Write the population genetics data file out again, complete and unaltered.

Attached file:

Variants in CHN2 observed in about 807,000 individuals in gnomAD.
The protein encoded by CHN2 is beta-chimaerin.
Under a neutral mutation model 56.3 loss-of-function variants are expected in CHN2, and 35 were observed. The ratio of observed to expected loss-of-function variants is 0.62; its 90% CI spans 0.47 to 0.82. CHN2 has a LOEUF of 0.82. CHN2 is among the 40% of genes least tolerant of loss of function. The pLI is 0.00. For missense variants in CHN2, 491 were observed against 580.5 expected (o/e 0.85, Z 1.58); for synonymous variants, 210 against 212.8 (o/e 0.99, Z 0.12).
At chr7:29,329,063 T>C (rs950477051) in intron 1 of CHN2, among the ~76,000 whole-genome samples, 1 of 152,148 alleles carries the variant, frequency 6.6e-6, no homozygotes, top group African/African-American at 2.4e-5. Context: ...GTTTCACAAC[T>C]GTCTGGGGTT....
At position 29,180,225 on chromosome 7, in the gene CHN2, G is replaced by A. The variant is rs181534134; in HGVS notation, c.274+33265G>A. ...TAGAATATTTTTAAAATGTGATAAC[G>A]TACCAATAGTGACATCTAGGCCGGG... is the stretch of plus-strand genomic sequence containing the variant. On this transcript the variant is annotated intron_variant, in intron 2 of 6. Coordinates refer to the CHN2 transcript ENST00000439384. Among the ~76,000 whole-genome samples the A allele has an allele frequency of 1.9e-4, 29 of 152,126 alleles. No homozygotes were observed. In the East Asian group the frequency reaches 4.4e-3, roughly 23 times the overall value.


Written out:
Variants in CHN2 observed in about 807,000 individuals in gnomAD.
The protein encoded by CHN2 is beta-chimaerin.
Under a neutral mutation model 56.3 loss-of-function variants are expected in CHN2, and 35 were observed. The ratio of observed to expected loss-of-function variants is 0.62; its 90% CI spans 0.47 to 0.82. CHN2 has a LOEUF of 0.82. CHN2 is among the 40% of genes least tolerant of loss of function. The pLI is 0.00. For missense variants in CHN2, 491 were observed against 580.5 expected (o/e 0.85, Z 1.58); for synonymous variants, 210 against 212.8 (o/e 0.99, Z 0.12).
At chr7:29,329,063 T>C (rs950477051) in intron 1 of CHN2, among the ~76,000 whole-genome samples, 1 of 152,148 alleles carries the variant, frequency 6.6e-6, no homozygotes, top group African/African-American at 2.4e-5. Context: ...GTTTCACAAC[T>C]GTCTGGGGTT....
At position 29,180,225 on chromosome 7, in the gene CHN2, G is replaced by A. The variant is rs181534134; in HGVS notation, c.274+33265G>A. ...TAGAATATTTTTAAAATGTGATAAC[G>A]TACCAATAGTGACATCTAGGCCGGG... is the stretch of plus-strand genomic sequence containing the variant. On this transcript the variant is annotated intron_variant, in intron 2 of 6. Coordinates refer to the CHN2 transcript ENST00000439384. Among the ~76,000 whole-genome samples the A allele has an allele frequency of 1.9e-4, 29 of 152,126 alleles. No homozygotes were observed. In the East Asian group the frequency reaches 4.4e-3, roughly 23 times the overall value.